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I started playing music in the mid 70s... I've always been interested in trying the concertina but it wasn't until about 3 years ago a friend of my uncle's brought a few over for me to try... all very inexpensive Anglos. It did inspired me to look around again and I found a Wheatstone Crane Duet in Newfoundland for a very good price. Unfortunately, I only learned a couple of pieces and it ended up on the shelf after a week or so. I sold it a few months ago and instantly had regrets so put in an eBay bid and 8 hours later I was the proud owner of a BB RE MR 48K English Lachenal which although in terrible condition was working fine after about 6 hours of tinkering. I've never stopped since and was soon offered an Excelsior in by far even worse condition (which I've spent well over 100 hours on restoring and still have a long way to go). I finally found an untouched, unrestored Wheatstone M22 which I play everyday and work on almost every day. It's a real gem! I'm having an amazing time both restoring and building up a repertoire at the same time. The English concertina seems to fit me perfectly, both working on them and playing them. I just wish I would of started in the mid 70s when they were a lot easier on the pocket book but it's never too late to start a collection if one is very, very patient. I would love to find an unrestored Aeola TT next, then a Baritone. There are no other player's around me but I am doing my best to change that. John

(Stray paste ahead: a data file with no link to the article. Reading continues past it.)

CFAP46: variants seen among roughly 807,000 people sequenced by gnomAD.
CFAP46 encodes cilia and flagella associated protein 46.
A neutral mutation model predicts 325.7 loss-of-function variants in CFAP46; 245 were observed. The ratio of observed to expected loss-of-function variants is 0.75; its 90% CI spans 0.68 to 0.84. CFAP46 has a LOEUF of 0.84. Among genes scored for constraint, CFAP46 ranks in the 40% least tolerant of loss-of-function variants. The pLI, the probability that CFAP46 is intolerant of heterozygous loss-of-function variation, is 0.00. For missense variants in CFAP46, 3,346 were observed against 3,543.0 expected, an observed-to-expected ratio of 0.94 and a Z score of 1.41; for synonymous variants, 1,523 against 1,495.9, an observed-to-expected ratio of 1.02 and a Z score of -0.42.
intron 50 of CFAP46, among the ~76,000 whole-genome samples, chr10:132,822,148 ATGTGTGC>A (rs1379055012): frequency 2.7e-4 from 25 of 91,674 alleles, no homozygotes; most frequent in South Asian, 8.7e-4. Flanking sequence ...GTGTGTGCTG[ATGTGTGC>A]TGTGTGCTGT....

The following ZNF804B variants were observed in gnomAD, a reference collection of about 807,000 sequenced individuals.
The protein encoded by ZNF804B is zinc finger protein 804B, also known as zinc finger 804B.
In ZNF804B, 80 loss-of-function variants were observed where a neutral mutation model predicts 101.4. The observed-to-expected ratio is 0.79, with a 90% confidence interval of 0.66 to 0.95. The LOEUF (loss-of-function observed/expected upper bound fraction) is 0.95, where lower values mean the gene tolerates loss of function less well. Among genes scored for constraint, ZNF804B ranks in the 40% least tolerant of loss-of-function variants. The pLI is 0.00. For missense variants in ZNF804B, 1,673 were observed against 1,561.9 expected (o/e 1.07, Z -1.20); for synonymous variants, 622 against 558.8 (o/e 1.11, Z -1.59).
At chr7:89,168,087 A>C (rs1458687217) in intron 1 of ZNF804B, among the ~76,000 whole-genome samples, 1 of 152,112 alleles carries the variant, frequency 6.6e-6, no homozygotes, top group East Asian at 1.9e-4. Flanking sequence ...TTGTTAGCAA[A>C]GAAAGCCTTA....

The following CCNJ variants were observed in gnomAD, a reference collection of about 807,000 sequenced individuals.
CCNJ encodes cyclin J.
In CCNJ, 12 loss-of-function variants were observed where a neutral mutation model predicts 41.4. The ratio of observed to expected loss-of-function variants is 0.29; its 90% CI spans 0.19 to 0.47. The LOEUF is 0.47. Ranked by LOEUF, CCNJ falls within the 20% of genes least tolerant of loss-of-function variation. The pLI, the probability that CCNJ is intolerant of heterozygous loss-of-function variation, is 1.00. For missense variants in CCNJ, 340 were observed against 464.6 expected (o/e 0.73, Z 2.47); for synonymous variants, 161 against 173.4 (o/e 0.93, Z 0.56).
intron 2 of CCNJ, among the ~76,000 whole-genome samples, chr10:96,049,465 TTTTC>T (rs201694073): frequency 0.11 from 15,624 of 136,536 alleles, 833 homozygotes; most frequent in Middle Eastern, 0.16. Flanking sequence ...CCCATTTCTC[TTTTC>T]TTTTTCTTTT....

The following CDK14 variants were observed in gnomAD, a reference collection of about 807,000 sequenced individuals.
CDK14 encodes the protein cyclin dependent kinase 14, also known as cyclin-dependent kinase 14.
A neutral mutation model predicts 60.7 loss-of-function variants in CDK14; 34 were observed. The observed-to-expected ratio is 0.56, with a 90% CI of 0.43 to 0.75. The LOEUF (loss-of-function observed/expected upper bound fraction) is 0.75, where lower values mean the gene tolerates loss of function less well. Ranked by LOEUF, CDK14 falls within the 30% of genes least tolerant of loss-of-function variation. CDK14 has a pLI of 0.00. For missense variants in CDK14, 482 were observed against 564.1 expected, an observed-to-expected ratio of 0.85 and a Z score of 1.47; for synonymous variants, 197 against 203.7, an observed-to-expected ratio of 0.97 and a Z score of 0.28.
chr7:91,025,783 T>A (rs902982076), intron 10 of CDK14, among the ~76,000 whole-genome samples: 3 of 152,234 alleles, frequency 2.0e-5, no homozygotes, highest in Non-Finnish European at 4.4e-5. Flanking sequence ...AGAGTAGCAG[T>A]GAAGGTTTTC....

Edited by 4to5to6

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May you do well with your Excelsior too! They can be such lovely (which prominently includes lovely-sounding) little instruments!

 

Best wishes - Wolf

Edited by blue eyed sailor

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There are no other player's around me....

 

Are you sure? Your profile says you're located in Western Canada. How far west?